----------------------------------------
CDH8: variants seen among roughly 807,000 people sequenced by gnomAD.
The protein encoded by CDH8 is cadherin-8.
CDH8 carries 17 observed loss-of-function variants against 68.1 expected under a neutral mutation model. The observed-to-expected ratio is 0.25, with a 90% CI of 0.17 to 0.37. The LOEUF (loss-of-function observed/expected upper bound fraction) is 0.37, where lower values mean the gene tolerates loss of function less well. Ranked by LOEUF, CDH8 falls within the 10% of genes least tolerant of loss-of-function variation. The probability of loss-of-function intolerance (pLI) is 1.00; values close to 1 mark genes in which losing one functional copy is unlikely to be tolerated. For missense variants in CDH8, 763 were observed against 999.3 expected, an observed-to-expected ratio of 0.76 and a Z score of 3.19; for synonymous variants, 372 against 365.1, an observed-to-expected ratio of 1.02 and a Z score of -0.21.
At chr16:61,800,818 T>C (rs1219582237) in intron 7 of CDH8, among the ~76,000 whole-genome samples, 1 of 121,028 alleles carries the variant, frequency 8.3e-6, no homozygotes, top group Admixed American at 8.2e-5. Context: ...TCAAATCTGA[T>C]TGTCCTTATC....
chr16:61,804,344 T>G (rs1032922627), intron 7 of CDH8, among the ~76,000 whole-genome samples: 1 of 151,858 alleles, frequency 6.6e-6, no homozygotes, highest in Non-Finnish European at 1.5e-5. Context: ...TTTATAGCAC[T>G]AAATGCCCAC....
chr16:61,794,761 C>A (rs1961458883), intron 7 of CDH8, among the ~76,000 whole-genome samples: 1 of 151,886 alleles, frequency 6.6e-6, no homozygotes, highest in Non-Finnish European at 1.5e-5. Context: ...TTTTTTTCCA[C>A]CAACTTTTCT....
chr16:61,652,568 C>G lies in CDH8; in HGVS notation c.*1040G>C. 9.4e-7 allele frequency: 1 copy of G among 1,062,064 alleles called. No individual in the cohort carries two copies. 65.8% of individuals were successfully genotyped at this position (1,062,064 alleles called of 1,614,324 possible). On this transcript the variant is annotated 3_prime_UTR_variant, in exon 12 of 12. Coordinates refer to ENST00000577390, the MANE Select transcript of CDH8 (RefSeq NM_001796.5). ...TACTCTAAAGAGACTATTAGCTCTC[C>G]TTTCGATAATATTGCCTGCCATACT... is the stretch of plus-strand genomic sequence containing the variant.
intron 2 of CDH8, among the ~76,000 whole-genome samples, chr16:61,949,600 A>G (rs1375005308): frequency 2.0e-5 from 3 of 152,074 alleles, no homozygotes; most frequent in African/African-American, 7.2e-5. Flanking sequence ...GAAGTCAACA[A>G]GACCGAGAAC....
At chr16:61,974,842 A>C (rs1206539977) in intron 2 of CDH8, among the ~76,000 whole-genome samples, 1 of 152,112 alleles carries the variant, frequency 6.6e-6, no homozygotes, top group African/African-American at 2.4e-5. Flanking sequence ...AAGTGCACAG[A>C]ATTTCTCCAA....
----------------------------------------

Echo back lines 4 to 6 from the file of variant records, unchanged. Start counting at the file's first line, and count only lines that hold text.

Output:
At chr16:61,800,818 T>C (rs1219582237) in intron 7 of CDH8, among the ~76,000 whole-genome samples, 1 of 121,028 alleles carries the variant, frequency 8.3e-6, no homozygotes, top group Admixed American at 8.2e-5. Context: ...TCAAATCTGA[T>C]TGTCCTTATC....
chr16:61,804,344 T>G (rs1032922627), intron 7 of CDH8, among the ~76,000 whole-genome samples: 1 of 151,858 alleles, frequency 6.6e-6, no homozygotes, highest in Non-Finnish European at 1.5e-5. Context: ...TTTATAGCAC[T>G]AAATGCCCAC....
chr16:61,794,761 C>A (rs1961458883), intron 7 of CDH8, among the ~76,000 whole-genome samples: 1 of 151,886 alleles, frequency 6.6e-6, no homozygotes, highest in Non-Finnish European at 1.5e-5. Context: ...TTTTTTTCCA[C>A]CAACTTTTCT....